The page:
So I hear now the companies that own the malls are strong arming their tenants into being open on Thanksgiving Day… (oh and look, some places are now calling it Brown Thursday.)

 

The shops in many malls are being told they will be open or face a fine of some sort.  Figures I’ve found are as high as a thousand dollars an hour that a shop isn’t open.  That puts the shop owner between a rock and a hard place.  What’s the owner supposed to do?

 

I first heard about this whole thing when a posting showed up on Facebook from a friend who herself is a small business owner.  She knows how small businesses work, so I take this posting pretty seriously.

 

Clicking the posting sent me to a story about a mall near Buffalo, New York (Walden Galleria, a property of Pyramid Management Group) in which the shop owners are being told that they will be open when the mall is open or face fines.

 

Then I did a search – and this little mall in New York is not alone.  I found places in Massachusetts, Florida and Texas that are feeling the same kind of pressure from their owner conglomerates.  I checked the posting that my friend had put up, and she mentioned that there’s a Facebook page called BOYCOTT BLACK THURSDAY that lists Simon Property Group of Indianapolis who are apparently doing the same thing – and they own properties in 43 states and countries, so we’re not talking small potatoes here.  (You can find a list of their properties at http://www.simon.com/mall).

 

But then, to be fair, do these mall shop owners know what they’re getting into when they sign a lease?  Is there language in those leases that cover this whole ‘you have to be open when we say so’ matter?  Yet, this whole idea of being open on Thanksgiving was never a big issue until now – so is it the property management that’s pushing the issue?  How far can it go?

 

Do you notice they all use the same reasoning for their financial policies?  “It’s what the people want”, they say.  “We’re forced into such practices because that’s when they want us.”

 

I want to know this:  How do they know it’s what the people want?  Where do they get their numbers?  Are they reading the polls in magazines like THE COSMOPOLITAN and PEOPLE magazine?  Where are these number coming from?

 

Now when it comes to research and using statistics, there are numbers and there are numbers –

Those polls that show that the Khardashians are such and such – I mean, five me a break.  Those polls that tell us of the trends of political thought – some have merit.  Then there’s the studies in the medical world that use proper statistical gathering techniques – they’re credible.  I think it is fair to expect that the surveys used about our shopping habits be as scientific as the medical studies we get from the American Medical Association and the like ..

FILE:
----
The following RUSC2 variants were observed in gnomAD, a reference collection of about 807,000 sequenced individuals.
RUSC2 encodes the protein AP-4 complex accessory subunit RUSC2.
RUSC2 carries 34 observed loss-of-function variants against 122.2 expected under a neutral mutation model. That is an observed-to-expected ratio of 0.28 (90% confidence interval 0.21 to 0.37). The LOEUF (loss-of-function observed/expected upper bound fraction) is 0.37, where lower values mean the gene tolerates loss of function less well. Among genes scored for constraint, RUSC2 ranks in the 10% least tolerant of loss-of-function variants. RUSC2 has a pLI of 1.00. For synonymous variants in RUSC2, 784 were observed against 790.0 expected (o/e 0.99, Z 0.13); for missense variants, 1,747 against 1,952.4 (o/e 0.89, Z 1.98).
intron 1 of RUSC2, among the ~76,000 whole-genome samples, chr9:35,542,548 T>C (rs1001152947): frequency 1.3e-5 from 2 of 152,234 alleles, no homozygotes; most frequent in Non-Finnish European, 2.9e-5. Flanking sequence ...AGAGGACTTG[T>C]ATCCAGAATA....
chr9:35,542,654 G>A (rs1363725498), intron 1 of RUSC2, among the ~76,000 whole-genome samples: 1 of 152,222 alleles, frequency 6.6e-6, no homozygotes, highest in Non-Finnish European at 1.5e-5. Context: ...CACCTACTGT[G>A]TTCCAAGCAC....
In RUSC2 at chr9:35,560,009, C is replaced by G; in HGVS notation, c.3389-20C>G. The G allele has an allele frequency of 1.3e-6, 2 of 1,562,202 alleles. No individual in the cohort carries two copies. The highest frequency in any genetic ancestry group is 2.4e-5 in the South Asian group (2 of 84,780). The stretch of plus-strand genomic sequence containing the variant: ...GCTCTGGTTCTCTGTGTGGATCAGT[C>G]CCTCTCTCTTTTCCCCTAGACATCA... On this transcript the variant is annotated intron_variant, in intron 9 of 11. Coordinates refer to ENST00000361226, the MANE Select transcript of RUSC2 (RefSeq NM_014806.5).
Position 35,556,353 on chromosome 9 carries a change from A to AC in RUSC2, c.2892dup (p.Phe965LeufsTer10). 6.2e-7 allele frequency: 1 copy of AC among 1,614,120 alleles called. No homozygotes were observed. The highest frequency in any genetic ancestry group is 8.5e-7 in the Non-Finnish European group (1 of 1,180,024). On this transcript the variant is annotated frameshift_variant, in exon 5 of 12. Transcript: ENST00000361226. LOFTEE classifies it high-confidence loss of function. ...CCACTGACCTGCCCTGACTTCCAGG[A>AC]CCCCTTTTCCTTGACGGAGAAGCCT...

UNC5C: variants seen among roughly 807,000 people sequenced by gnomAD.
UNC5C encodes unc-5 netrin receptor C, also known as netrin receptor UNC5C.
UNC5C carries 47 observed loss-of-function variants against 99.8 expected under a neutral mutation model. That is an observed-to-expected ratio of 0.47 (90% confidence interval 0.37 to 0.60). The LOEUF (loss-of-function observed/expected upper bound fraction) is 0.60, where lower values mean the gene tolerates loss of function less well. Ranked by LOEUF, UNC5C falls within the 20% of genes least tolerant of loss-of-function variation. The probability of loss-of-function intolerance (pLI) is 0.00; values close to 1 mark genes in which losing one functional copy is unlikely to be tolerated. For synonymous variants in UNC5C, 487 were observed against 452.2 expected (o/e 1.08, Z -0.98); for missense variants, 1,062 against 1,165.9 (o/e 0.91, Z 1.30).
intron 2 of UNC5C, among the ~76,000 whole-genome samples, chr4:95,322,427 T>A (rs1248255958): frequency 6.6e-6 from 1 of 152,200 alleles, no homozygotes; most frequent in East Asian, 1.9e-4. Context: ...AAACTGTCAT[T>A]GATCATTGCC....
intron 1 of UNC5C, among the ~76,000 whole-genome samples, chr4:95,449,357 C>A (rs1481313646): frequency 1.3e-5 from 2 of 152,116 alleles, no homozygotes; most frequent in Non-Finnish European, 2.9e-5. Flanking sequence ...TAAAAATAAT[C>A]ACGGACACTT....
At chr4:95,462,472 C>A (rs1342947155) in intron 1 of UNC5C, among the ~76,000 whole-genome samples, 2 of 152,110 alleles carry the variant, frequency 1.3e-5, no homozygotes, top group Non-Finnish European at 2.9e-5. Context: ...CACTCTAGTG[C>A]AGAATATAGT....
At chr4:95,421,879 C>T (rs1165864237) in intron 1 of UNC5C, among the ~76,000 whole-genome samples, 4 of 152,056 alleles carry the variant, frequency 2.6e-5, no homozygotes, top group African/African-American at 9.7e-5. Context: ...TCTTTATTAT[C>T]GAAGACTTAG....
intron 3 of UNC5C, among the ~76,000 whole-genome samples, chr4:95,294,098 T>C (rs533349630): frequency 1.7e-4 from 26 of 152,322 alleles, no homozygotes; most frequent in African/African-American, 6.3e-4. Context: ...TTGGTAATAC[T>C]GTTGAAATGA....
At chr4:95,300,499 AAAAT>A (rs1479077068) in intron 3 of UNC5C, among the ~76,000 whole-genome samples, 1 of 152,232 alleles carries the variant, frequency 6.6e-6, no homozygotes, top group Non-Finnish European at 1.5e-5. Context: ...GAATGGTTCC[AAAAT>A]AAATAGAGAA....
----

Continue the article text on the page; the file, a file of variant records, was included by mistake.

But I do not see the reliable info enough to believe that the people want all this shopping available to them all the time, and that’s where I am.  Are there reliable numbers out there?  I don’t’ know …but I do know I haven’t seen them.

 

I can’t help but believe there’s just as much strong-arming in the retail mall business as there is from those wonderful folks down at the pharmaceuticals, or at the oil companies, or the other conglomerates that we are more aware of.  That is a frightening thought.

 

Are we becoming that hard, where the profit is the last word?  Where the family life of the owner and the employees mean so little??

 

So what can be done?

 

There’s that ‘BOYCOTT BLACK THURSDAY” page on Facebook.  I don’t know if that would work, but it couldn’t hurt to check out … Boycotts just haven’t seemed to have the influence they used to have … but hey, maybe.  Who knows?

 

And remember, there’s one thing retailers have that we customers don’t have – an organization to concentrate their efforts.  There are Chamber of Commerce groups, retail association (Shoe sellers of America, UNITE.)  But is there an organization that advocates for the customer?  There are not that I know of.  If anything is going to be effective, there are no organizations to speak up for us.

 

It’s your call.  As for me, I’ll stay home.

 

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